You actually draw a distinction between Lost Hills and Cholame
in a world this large? Hmmm. If you find there is that much
of a geographic difference then for the sake of accuracy I will
revise my statement to reflect that the intersection of CA 41
and CA 46 near Cholame is among the most desolate areas
you can find anywhere in the Lower 48....... Fixed?
Now, why would you run away? I happen to very much like country music - but only the old stuff. Any kind of cross-over music drives me wild. When my husband and I drove across N.C. and Tennessee a few years ago, we could not find a station that played authentic country music or bluegrass. When I directed a lovely play that takes place in the South, I used country music between scenes.
PS this was a collaboration between me and Ronnie Houser. I wrote the words, and Ronnie Houser wrote the music and created and produced the performance. The truck picture on the You Tube, I created from a licensed image, split it in two, and used it as the cover art for a privately released album of the same name as the song.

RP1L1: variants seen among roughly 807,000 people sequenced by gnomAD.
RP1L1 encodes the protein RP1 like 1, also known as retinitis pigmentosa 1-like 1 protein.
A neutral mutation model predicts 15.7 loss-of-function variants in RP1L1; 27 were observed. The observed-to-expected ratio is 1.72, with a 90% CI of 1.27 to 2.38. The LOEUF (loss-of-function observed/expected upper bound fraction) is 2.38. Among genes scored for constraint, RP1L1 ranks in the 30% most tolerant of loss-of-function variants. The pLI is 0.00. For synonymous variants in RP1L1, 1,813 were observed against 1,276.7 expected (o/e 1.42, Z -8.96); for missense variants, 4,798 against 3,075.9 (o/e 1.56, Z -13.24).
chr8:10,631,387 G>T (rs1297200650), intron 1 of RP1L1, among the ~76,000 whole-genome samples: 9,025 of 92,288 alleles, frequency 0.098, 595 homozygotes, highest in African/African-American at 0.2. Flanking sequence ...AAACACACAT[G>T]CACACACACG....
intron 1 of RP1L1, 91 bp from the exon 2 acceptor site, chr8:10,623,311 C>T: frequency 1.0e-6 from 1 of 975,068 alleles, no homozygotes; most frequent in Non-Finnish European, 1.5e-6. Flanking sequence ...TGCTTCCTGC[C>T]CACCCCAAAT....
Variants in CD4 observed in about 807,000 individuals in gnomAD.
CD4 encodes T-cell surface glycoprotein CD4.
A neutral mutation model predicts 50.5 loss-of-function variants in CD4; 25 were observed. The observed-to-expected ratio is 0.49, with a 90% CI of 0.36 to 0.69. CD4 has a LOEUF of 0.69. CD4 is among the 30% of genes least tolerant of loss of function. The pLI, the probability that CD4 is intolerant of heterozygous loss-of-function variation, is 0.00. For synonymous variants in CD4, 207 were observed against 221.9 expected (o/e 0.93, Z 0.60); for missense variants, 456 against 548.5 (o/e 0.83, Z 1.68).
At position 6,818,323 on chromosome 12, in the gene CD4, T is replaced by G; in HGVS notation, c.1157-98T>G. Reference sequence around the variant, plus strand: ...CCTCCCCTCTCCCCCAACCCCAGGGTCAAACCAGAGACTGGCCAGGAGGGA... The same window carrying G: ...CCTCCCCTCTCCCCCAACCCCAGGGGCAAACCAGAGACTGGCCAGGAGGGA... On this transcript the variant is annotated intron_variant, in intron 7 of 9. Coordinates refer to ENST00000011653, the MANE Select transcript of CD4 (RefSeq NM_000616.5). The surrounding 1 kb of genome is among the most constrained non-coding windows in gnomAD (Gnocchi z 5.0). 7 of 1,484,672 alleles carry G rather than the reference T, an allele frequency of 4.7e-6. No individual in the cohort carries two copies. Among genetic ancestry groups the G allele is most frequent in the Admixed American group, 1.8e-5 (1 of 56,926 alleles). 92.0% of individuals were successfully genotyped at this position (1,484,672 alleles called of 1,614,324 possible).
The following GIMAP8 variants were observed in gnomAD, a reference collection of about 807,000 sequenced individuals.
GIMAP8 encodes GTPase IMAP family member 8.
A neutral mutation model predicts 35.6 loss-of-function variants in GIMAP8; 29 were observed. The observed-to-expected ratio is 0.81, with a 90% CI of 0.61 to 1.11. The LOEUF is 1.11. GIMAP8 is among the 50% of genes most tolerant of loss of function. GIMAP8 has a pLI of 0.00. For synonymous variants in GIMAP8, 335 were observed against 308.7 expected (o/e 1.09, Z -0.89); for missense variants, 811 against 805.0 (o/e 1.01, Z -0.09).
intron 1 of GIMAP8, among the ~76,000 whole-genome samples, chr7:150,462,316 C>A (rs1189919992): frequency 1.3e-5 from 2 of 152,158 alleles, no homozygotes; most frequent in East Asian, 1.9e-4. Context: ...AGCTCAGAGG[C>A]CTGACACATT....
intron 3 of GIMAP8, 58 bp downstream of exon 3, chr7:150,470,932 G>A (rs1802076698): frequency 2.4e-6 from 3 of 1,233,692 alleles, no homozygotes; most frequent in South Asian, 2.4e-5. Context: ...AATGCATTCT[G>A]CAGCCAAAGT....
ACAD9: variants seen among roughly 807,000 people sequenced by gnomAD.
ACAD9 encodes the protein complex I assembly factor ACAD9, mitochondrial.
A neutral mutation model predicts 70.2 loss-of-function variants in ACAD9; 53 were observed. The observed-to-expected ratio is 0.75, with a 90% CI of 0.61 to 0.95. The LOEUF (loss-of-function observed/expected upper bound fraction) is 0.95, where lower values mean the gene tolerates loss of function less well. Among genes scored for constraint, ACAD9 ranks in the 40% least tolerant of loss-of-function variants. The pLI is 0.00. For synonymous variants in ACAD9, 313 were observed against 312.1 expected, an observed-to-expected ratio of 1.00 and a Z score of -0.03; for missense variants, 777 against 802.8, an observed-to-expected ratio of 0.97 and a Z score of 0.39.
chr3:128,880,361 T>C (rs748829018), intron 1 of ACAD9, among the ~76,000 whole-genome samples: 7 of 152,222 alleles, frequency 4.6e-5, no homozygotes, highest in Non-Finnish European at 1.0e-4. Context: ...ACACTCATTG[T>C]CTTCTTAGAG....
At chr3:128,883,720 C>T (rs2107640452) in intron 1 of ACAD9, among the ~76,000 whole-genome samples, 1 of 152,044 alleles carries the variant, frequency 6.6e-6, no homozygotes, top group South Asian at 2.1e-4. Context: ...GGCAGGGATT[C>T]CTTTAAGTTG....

I am a fan, and my judgement is better than the leftists that populate the Hollywood world and it’s world of critics and scholars, and professors.
If you want to worship at the altar of the short lived actor and a kind of weird movie, feel free, but I consider the film one for beer and laughs.
Country used to be very rough and earthy. as did the people listening to it before the 1970s and pot reached the country world. "Knoxville Girl" is kind of a shocker, it was a hit from a very popular duet, the Louvin Brothers.
Here is the song that reached number 19 on the Billboard Country Singles chart in 1959, "Knoxville Girl"
""Its perhaps their most powerful rendering of traditional folk musics bleak vision of a dark and forlorn land, where love is absent and death is the only certainty. Its the centerpiece of what is arguably the Louvins' finest album."The album is also included in the book 1001 Albums You Must Hear Before You Die."
There are some more examples here. Violence is a part of our folk music history
Thanks for the link. I will listen. I love low brow as much as the middle and high end. As long as it’s good.
Hey, I liked it! Patriotic country music is always good. You’re a song writer - that’s great.